The abandoned city of Pripyat

When a nuclear accident destroyed much of Power plant number four at Chernobyl, the resulting radioactive cloud spread across much of western Europe, leading to restrictions on milk and farm animal consumption from affected areas, many of which have only been lifted in the last 5 years. Meanwhile, 5 km's from the reactor was a modern city called Pripyat, housing many of the plants workers and families. It remains uninhabitable for 20,000 years.

The Duga. A Secret Soviet Radar Array in the exclusion zone

On the maps of Ukraine in the 1980's it was marked implausibly as a Young Pioneer camp. In reality the Duga, a mass of interwoven pipes, pylons,and wires, was a top secret experimental Soviet radar installation hidden away in the Chernobyl Exclusion Zone.

Top 10 Things to do in Kiev

Kiev, the capital of Ukraine, is a mix of Soviet modernist architecture and beautiful medieval buildings. Throw in a city centre dominated by parks, great museums, the Dneiper river flowing through the middle, affordable hotels and cheap and tasty local beer, it has the makings of a great weekend away.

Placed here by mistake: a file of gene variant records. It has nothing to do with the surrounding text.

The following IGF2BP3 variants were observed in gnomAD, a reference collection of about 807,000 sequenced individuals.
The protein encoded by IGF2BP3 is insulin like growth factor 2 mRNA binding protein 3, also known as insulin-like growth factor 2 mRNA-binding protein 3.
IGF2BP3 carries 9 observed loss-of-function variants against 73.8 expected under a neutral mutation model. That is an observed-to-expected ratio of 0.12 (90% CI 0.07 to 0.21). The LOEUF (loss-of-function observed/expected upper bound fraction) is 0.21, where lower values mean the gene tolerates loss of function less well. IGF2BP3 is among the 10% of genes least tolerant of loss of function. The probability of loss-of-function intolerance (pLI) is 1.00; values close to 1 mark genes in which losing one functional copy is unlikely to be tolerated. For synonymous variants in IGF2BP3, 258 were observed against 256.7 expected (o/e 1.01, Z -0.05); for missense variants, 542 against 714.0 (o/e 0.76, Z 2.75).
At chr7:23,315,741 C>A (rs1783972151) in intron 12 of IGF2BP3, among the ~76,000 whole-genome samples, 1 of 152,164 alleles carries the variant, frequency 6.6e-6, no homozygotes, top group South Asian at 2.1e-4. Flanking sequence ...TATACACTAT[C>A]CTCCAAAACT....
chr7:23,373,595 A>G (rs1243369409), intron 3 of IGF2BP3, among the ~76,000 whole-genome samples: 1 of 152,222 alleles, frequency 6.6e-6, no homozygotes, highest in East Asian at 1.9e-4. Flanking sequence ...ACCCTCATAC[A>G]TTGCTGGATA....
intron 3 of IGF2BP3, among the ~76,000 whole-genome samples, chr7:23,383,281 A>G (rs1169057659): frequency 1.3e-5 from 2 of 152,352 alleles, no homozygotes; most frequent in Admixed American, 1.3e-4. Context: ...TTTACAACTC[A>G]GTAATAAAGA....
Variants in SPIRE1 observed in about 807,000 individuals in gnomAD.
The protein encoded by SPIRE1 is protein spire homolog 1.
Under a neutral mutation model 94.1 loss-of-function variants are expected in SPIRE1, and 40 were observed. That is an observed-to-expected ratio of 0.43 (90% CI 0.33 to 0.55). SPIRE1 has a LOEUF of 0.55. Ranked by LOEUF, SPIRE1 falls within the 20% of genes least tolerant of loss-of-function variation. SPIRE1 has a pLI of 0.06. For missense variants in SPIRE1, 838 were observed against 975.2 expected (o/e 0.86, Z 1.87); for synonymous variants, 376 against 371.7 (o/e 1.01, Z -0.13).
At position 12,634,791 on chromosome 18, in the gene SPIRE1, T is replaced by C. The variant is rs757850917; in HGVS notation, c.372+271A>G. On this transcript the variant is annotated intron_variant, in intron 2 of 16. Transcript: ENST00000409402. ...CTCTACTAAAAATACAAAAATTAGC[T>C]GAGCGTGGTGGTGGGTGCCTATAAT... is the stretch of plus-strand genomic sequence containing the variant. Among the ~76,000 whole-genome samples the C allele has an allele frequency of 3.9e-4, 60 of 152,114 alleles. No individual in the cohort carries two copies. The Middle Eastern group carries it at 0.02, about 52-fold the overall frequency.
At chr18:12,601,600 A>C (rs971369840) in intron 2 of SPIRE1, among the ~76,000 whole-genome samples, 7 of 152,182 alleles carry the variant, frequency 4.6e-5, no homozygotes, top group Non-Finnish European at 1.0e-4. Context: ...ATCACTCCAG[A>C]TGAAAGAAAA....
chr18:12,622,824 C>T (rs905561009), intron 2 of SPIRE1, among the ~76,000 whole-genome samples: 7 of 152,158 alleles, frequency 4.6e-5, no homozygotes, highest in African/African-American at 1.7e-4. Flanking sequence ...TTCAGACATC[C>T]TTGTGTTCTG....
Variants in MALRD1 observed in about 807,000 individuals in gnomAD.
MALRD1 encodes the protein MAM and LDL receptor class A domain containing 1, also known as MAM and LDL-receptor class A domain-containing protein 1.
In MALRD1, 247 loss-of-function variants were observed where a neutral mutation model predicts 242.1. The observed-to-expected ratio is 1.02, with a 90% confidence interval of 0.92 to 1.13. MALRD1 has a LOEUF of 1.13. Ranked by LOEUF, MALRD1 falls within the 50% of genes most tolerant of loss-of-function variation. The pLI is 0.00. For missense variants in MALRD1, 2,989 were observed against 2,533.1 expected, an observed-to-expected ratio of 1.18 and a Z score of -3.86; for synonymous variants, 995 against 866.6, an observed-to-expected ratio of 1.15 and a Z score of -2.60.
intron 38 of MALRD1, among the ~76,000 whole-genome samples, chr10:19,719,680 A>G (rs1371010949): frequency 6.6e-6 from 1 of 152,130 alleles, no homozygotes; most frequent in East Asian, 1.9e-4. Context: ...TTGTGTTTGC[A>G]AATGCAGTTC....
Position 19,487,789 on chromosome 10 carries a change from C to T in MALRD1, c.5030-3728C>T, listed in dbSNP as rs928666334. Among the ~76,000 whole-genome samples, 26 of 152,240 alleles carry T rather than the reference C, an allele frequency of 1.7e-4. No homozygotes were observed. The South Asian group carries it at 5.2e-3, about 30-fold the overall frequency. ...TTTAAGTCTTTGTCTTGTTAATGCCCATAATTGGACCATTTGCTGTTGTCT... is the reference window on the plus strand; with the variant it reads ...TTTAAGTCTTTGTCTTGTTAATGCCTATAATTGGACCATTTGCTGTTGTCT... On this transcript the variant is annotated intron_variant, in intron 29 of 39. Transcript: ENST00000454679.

Guest Blog: 5 must-visit countries for the adventurous traveller

If you’re looking for more from your trip than just a simple spot of sightseeing, there’s (perhaps surprisingly) countless potential destinations to consider. For a spot of adventure, here are the five must-visit countries you simply need to add to your bucket list.


The Propaganda Posters of North Korea

We are just back from a trip to North Korea. What with missile testing on the one hand, and promises of "fire and fury" on the other it was, to put it mildly, an interesting time to visit. More entries on North Korea will be added here over time, although the priority is to write more detailed stories for the next Far Flung Places book coming out late 2017. In the meantime, here are a selection of propaganda posters from the country.

The view from inside a Nuclear Power Station

I used to pass by the cooling towers at Didcot on an almost weekly basis on the main rail line between Bristol and London. They dominated the landscape pouring columns of steam in the sky from the coal powered plant, some saw them as a blight on the green country landscape of Oxfordshire. I just though they looked magnificent, symmetrical and a marvel of modern architecture.

Pushing the button. Inside a Soviet Nuclear Missile Base

The fire button was grey, not red as expected. Applying gentle pressure from my finger on it caused the equipment lights to flash and a deafening bell to ring. I had initiated the unstoppable sequence to launch nuclear missiles, along with decoy rockets, from the silos outside.